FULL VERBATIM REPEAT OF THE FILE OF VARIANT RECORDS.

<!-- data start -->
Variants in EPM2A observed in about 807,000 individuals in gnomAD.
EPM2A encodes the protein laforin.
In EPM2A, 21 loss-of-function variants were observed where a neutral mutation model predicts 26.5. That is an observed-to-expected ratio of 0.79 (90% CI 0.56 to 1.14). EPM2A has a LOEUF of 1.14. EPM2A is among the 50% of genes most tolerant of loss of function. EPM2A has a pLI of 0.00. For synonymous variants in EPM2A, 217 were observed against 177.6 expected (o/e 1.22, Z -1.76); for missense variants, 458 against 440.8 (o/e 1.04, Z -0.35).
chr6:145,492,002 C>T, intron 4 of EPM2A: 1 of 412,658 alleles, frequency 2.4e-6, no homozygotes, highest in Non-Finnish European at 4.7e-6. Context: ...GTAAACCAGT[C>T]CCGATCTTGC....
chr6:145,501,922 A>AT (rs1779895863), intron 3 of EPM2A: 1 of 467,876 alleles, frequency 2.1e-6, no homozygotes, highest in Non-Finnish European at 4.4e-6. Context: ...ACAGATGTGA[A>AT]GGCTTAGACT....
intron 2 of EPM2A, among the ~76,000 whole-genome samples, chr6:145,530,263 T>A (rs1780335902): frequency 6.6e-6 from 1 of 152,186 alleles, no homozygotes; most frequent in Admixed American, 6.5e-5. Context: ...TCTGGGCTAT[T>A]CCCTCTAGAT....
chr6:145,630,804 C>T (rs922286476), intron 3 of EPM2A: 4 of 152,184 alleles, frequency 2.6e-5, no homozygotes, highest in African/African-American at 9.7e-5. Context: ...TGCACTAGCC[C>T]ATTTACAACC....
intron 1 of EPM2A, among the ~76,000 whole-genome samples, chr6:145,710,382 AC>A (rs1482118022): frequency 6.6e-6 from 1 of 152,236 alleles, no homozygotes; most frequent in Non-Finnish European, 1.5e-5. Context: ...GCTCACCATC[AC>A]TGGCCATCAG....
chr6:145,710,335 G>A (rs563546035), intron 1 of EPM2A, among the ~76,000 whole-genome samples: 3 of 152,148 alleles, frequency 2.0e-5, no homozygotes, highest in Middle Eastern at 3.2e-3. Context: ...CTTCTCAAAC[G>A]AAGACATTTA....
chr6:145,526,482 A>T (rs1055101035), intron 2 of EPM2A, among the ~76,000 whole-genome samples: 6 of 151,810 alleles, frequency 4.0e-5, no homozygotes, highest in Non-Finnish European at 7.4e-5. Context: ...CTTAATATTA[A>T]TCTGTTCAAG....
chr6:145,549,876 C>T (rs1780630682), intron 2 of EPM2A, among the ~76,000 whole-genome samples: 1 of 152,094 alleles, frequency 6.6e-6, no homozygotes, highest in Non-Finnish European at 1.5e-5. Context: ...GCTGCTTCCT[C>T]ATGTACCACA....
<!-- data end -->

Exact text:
Variants in EPM2A observed in about 807,000 individuals in gnomAD.
EPM2A encodes the protein laforin.
In EPM2A, 21 loss-of-function variants were observed where a neutral mutation model predicts 26.5. That is an observed-to-expected ratio of 0.79 (90% CI 0.56 to 1.14). EPM2A has a LOEUF of 1.14. EPM2A is among the 50% of genes most tolerant of loss of function. EPM2A has a pLI of 0.00. For synonymous variants in EPM2A, 217 were observed against 177.6 expected (o/e 1.22, Z -1.76); for missense variants, 458 against 440.8 (o/e 1.04, Z -0.35).
chr6:145,492,002 C>T, intron 4 of EPM2A: 1 of 412,658 alleles, frequency 2.4e-6, no homozygotes, highest in Non-Finnish European at 4.7e-6. Context: ...GTAAACCAGT[C>T]CCGATCTTGC....
chr6:145,501,922 A>AT (rs1779895863), intron 3 of EPM2A: 1 of 467,876 alleles, frequency 2.1e-6, no homozygotes, highest in Non-Finnish European at 4.4e-6. Context: ...ACAGATGTGA[A>AT]GGCTTAGACT....
intron 2 of EPM2A, among the ~76,000 whole-genome samples, chr6:145,530,263 T>A (rs1780335902): frequency 6.6e-6 from 1 of 152,186 alleles, no homozygotes; most frequent in Admixed American, 6.5e-5. Context: ...TCTGGGCTAT[T>A]CCCTCTAGAT....
chr6:145,630,804 C>T (rs922286476), intron 3 of EPM2A: 4 of 152,184 alleles, frequency 2.6e-5, no homozygotes, highest in African/African-American at 9.7e-5. Context: ...TGCACTAGCC[C>T]ATTTACAACC....
intron 1 of EPM2A, among the ~76,000 whole-genome samples, chr6:145,710,382 AC>A (rs1482118022): frequency 6.6e-6 from 1 of 152,236 alleles, no homozygotes; most frequent in Non-Finnish European, 1.5e-5. Context: ...GCTCACCATC[AC>A]TGGCCATCAG....
chr6:145,710,335 G>A (rs563546035), intron 1 of EPM2A, among the ~76,000 whole-genome samples: 3 of 152,148 alleles, frequency 2.0e-5, no homozygotes, highest in Middle Eastern at 3.2e-3. Context: ...CTTCTCAAAC[G>A]AAGACATTTA....
chr6:145,526,482 A>T (rs1055101035), intron 2 of EPM2A, among the ~76,000 whole-genome samples: 6 of 151,810 alleles, frequency 4.0e-5, no homozygotes, highest in Non-Finnish European at 7.4e-5. Context: ...CTTAATATTA[A>T]TCTGTTCAAG....
chr6:145,549,876 C>T (rs1780630682), intron 2 of EPM2A, among the ~76,000 whole-genome samples: 1 of 152,094 alleles, frequency 6.6e-6, no homozygotes, highest in Non-Finnish European at 1.5e-5. Context: ...GCTGCTTCCT[C>T]ATGTACCACA....